Review: The Roost, Durban’s new chicken-only restaurant

The Roost. Photo courtesy of the restaurant

The Roost. Photo courtesy of the restaurant

Sometimes simplicity can be astounding… like a restaurant offering just one item on the menu. The Roost does just that and diners, far from feeling cheated, have embraced the concept. It is, after all, better to do one thing well than flail in a sea of mediocrity. And so, The Roost specialises in organic baby chickens cooked to perfection on a rotisserie.


It’s all gloriously easy. No floundering in indecision, no food envy, no fuss. A large white plate is delivered with a flourish, framing a perfectly browned baby chicken. A bowl of hand-cut triple-cooked chips sprinkled with Maldon salt is the support act, along with an uncomplicated Greek-style leaf salad. As you eagerly place your knife and fork into the chicken, you can feel the tender meat pulling away from the bone with the slightest pressure. Yes, this is roast chicken as it should be. At The Roost, the baby chickens are roasted with lemon, and the taste gently permeates the succulent meat. It’s carnivore nirvana. Four homemade dipping sauces – Asian barbeque, Asian chilli, pad Thai and garlic mayo – are left on the table for experimentation for both chicken and chips, and the salad is delivered with a bottle of homemade dressing. The price of R110 includes the baby chicken, unlimited chips and salad. Dessert offers some choice in that you can select which of the four flavours of Huberto’s all-natural ice cream you would like generously dolloped onto a cone.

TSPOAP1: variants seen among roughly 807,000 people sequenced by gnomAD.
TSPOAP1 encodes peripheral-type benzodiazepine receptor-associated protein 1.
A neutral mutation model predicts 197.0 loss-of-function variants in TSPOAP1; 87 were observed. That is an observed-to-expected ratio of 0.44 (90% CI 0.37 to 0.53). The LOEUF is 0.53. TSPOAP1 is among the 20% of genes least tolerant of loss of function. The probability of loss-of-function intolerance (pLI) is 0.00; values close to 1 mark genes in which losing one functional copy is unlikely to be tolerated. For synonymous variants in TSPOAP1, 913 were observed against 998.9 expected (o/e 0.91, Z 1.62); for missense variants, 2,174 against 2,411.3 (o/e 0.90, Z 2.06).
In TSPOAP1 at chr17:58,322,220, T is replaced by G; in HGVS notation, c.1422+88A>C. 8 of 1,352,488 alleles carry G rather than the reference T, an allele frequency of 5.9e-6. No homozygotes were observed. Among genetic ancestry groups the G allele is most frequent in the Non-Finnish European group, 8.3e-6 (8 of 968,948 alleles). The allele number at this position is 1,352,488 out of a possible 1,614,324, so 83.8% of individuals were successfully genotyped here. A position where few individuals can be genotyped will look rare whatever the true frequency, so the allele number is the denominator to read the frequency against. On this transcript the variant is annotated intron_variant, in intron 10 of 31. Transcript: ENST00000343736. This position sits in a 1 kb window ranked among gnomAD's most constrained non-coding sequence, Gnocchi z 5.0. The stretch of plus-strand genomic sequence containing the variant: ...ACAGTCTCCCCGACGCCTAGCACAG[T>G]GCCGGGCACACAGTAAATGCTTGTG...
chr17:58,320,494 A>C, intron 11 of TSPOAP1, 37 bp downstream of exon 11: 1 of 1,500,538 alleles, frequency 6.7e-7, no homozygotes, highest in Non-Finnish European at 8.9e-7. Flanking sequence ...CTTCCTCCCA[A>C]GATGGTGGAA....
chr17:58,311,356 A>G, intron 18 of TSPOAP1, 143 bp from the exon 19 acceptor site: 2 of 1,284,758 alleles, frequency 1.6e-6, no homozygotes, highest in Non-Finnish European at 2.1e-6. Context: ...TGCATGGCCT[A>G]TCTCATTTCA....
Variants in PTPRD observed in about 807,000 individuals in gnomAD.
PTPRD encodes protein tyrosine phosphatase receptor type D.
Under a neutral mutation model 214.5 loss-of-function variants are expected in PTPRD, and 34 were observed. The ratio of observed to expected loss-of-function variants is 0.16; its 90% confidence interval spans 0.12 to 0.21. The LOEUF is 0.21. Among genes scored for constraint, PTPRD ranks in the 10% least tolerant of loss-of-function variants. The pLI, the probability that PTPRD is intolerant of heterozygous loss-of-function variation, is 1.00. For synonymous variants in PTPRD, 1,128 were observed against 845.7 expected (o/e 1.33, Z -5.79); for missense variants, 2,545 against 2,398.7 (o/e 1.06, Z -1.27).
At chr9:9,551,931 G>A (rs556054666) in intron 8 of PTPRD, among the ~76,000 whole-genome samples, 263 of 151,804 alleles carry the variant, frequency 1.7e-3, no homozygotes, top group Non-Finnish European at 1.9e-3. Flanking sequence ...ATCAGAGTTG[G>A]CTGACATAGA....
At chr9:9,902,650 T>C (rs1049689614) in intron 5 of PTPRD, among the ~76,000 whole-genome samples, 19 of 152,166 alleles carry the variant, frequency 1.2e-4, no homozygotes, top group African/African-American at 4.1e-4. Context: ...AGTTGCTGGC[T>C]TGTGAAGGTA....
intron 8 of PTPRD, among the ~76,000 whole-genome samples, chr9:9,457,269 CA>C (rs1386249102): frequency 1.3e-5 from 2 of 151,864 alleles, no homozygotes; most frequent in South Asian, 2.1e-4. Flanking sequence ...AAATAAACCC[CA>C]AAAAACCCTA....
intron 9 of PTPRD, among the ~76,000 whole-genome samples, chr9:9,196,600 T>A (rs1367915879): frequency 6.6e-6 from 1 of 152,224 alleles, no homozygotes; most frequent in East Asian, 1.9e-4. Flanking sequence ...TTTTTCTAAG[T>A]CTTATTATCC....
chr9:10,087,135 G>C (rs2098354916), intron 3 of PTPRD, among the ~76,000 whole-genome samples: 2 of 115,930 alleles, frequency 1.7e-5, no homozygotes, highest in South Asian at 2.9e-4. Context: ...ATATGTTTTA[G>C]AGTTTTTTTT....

Craft beers dominate and there are four on tap that can be ordered by the glass or jug, plus a selection of mostly local, bottled ones. These are supplemented by a range of commercial beers and a concise, well-priced selection of wines.


Informal is the key word here. There is no menu, so once drinks are served the concept is explained to newcomers and you attract someone’s attention when you’re ready to eat. There’s no sense of urgency from the friendly waiters, although they are attentive in offering the promised supply of endless chips and are backed up by an efficient kitchen.

The Roost. Photo courtesy of the restaurant

The Roost. Photo courtesy of the restaurant


In keeping with the concept, the focus falls on functionality. The back wall is covered in a foil bamboo-print wall paper and the neutral décor scheme is limited to plastic chairs and informal tables dressed with cutlery, a large linen napkin and refresher towel for post-eating sticking fingers. The only criticism is that this extreme comfort food deserves a warmer, more inviting setting.


Call ahead to make a reservation. The Roost also sells chicken as takeaways, so you’ll be turned away if it’s sold out.

Eat Out reviewers dine anonymously and pay for their meals. Read our editorial policy here.

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